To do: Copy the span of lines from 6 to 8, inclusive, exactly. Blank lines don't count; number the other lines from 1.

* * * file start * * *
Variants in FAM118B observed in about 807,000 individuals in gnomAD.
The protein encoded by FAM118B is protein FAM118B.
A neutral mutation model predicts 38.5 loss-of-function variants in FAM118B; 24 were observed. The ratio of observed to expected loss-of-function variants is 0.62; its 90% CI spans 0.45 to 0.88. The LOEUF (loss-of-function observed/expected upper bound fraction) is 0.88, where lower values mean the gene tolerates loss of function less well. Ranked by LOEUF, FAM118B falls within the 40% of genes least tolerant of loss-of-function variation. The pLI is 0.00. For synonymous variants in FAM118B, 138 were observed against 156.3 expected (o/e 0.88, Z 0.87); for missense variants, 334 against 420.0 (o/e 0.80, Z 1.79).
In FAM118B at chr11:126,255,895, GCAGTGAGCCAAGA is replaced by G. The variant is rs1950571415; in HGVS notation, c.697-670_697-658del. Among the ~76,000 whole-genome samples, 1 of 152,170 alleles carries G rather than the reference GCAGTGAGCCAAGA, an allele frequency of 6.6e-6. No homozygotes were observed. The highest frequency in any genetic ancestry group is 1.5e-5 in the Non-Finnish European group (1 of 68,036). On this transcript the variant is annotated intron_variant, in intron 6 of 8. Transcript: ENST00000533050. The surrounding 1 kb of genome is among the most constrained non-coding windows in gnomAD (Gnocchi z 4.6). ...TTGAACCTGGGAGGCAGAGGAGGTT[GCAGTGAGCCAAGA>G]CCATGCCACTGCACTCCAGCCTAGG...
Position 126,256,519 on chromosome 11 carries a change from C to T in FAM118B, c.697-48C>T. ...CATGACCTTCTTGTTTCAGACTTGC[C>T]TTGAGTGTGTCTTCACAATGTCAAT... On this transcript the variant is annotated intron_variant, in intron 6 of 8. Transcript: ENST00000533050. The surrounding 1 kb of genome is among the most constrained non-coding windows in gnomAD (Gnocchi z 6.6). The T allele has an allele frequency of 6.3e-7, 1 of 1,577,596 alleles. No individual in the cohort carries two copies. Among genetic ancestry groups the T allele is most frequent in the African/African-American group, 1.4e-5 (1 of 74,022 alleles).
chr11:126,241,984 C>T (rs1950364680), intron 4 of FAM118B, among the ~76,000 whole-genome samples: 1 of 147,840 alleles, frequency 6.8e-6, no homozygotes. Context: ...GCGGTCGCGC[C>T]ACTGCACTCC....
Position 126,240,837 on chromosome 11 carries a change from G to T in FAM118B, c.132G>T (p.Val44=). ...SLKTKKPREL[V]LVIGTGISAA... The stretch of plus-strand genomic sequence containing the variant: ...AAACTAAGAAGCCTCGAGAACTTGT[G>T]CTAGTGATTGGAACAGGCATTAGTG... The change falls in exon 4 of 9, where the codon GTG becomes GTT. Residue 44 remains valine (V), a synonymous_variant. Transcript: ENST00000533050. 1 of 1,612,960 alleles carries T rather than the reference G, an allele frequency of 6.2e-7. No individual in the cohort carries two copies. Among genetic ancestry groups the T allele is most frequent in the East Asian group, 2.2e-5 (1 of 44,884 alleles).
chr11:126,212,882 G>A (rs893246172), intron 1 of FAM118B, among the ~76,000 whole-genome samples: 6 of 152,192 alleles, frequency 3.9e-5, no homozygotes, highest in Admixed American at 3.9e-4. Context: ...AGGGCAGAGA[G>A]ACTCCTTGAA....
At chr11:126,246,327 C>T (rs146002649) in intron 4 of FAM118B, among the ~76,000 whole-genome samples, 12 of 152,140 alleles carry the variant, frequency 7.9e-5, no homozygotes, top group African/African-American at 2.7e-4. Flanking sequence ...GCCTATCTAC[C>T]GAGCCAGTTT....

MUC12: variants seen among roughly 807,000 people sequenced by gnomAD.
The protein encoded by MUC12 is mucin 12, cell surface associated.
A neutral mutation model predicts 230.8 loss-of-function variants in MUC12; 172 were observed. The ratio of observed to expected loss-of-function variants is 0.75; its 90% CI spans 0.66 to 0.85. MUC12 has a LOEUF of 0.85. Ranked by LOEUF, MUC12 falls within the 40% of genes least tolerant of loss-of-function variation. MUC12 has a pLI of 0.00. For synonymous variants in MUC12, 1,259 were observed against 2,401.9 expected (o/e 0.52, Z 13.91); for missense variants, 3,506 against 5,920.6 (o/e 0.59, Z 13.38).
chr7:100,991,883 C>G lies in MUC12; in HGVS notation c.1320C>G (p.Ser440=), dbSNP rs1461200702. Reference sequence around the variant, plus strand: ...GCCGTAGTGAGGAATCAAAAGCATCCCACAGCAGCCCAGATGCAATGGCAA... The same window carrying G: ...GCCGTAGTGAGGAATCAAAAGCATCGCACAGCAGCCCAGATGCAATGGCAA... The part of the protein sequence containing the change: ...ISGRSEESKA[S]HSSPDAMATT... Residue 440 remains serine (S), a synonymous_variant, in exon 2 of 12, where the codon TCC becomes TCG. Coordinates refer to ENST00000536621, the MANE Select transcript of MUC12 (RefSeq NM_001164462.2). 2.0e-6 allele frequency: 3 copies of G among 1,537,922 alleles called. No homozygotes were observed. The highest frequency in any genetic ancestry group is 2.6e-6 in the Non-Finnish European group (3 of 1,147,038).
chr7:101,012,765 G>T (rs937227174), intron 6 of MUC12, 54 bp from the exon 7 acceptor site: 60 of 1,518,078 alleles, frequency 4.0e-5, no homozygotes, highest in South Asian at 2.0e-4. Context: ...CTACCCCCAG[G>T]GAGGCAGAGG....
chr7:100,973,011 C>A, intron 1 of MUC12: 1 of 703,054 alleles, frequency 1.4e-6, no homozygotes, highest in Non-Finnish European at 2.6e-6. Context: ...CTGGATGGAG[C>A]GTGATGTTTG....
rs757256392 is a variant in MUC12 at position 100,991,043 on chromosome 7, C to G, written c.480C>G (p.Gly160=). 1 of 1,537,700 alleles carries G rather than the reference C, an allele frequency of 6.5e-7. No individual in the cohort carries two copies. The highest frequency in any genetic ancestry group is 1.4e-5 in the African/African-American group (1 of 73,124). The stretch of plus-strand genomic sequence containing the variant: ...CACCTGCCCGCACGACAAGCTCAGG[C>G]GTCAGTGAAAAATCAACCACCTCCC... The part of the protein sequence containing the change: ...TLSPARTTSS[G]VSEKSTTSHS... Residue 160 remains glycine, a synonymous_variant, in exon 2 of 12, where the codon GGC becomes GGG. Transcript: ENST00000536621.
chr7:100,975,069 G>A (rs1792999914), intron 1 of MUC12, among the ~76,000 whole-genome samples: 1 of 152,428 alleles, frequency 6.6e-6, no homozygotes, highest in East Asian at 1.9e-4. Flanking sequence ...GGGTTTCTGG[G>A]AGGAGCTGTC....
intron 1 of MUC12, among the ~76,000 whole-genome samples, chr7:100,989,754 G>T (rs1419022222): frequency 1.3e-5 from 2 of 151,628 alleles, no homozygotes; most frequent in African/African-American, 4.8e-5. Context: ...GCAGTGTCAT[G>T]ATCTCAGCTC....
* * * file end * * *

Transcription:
chr11:126,241,984 C>T (rs1950364680), intron 4 of FAM118B, among the ~76,000 whole-genome samples: 1 of 147,840 alleles, frequency 6.8e-6, no homozygotes. Context: ...GCGGTCGCGC[C>T]ACTGCACTCC....
Position 126,240,837 on chromosome 11 carries a change from G to T in FAM118B, c.132G>T (p.Val44=). ...SLKTKKPREL[V]LVIGTGISAA... The stretch of plus-strand genomic sequence containing the variant: ...AAACTAAGAAGCCTCGAGAACTTGT[G>T]CTAGTGATTGGAACAGGCATTAGTG... The change falls in exon 4 of 9, where the codon GTG becomes GTT. Residue 44 remains valine (V), a synonymous_variant. Transcript: ENST00000533050. 1 of 1,612,960 alleles carries T rather than the reference G, an allele frequency of 6.2e-7. No individual in the cohort carries two copies. Among genetic ancestry groups the T allele is most frequent in the East Asian group, 2.2e-5 (1 of 44,884 alleles).
chr11:126,212,882 G>A (rs893246172), intron 1 of FAM118B, among the ~76,000 whole-genome samples: 6 of 152,192 alleles, frequency 3.9e-5, no homozygotes, highest in Admixed American at 3.9e-4. Context: ...AGGGCAGAGA[G>A]ACTCCTTGAA....